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The need for a hard stance on China

Few would envy the Prime Minister right now.

Among his shambolic response to the coronavirus pandemic and inability to get his chief adviser in check, Boris Johnson is allegedly reconsidering his decision to give Huawei a limited role in the building of 5G infrastructure as part of his vision for a tech-efficient Britain.

Many in his own party are concerned about the massive telecommunications company effectively being run by the Chinese Communist Party and the major security risks this poses. Johnson’s friends across the Atlantic are putting pressure on the Prime Minister to put distance between the UK and Huawei, with the US recently designating the company a “national security threat.”

No matter what decision he makes, it will prove to be an unpopular one. Huawei has long been involved in British infrastructure projects and many in the telecommunications industry believe the Chinese firm is essential to build a world-leading 5G network.

Johnson’s potential U-turn has been sparked by a recent GCHQ report that reassessed the risks posed by the Chinese technology company.

While many believe a decision to bar Huawei will do little to harm China and simply leave Britain behind other 5G-capable countries in the future, GCHQ concluded that US sanctions banning Huawei from using technology relying on American intellectual property has had a severe impact on the company.

Britain cannot ignore the human rights record of Xi Jinping and his Government. Westminster must take a much harder stance due to the numerous atrocities of the Chinese Communist Party that are well documented.

Suppressing any academic who so much as questions their leadership, restricting freedom of expression and forcing through a security bill for Hong Kong dressed up as counter-terrorism legislation are just some of the policies that cannot go unchecked.

Beijing has claimed that its new Hong Kong security law applies to anyone in the world. Article 38 of the legislation states: “This Law shall apply to offences under this Law committed against the Hong Kong Special Administrative Region from outside the Region by a person who is not a permanent resident of the Region.”

We need to do all we can to contest China’s moral vision of the future.

This essentially means that provision of the law applies to everyone outside of Hong Kong – including you. It is the latest attempt by Xi to try stifle debate outside of China and force those with any commercial ties to its country to stay silent.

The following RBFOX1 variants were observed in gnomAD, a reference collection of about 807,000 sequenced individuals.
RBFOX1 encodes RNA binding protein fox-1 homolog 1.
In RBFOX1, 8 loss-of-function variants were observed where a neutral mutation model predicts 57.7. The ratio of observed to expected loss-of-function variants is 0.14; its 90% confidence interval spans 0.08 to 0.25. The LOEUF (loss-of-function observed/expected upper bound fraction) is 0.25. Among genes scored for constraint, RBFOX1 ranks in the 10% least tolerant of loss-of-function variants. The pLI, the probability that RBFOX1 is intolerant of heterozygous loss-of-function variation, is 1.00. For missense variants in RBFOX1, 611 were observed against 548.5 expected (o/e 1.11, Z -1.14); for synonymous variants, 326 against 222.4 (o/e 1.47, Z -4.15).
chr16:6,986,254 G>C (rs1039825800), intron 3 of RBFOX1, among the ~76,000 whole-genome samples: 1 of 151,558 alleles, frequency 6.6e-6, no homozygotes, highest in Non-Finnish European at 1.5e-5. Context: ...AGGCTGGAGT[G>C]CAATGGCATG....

The greatest human rights violation happening in China right now, and probably the world, is the subjugation of the Uighur Muslim population.

The issue should weigh on our mind’s more. The fact that in the modern world one of the richest countries in the world has over a million people in literal concentration camps is nothing short

China brands these “re-education camps” and at first denied rumours of mass incarnation of Uighurs, portraying the allegations as nothing more than deranged conspiracy theories.

A group of Uighurs in exile recently submitted evidence to the international criminal court, calling for an investigation into senior Chinese officials for genocide and crimes against humanity.

Their accusations claim that claims that countless Uighurs were unlawfully deported from Tajikistan and Cambodia to Xinjiang where they were subjected to imprisonment, torture as well as forced birth control, sterilisations and marriages among other crimes.

This just adds to the list of human rights abuses committed in these camps.

A leaked document signed by a Chinese official last year revealed that camps must:

  • Adhere to a strict system of total physical and mental control, with multiple layers of locks on dormitories, corridors, floors and buildings.
  • Be run on a points system. Inmates earn credits for “ideological transformation”, “compliance with discipline” and “study and training”.

There have also been multiple reports from people who have passed through the camps that they have witnessed first hand people being tortured, abused and raped.

Of course, it’s not so simple as cutting all our major ties with the CCP. China is a massive trading partner. A staggering amount of our imports come from the Asian country.

“The greatest human rights violation happening in China right now, and probably the world, is the subjugation of the Uighur Muslim population.”

But we are far too dependent on China. We need to diversify. This means that we need to be willing to potentially pay more for imports. If we were willing to disinvest from South Africa in protests to the apartheid system then we must be willing to disinvest from China in some capacity.

This can’t just be some move to please our American counterparts. But as much as they are doing it for their own political gain, those in the White House raise some good points about the abuses of the CCP. The ruling party in Washington are eager to appear but concerns over intellectual property and the Chinese state’s role in Huawei is cause for concern.

The decision facing the Prime Minister is hard for a man who just wants to be loved by all. It is naïve to imagine Britain has the ability to change Xi Jinping’s mind on his own policies but we need to do all we can to contest its moral vision of the future.

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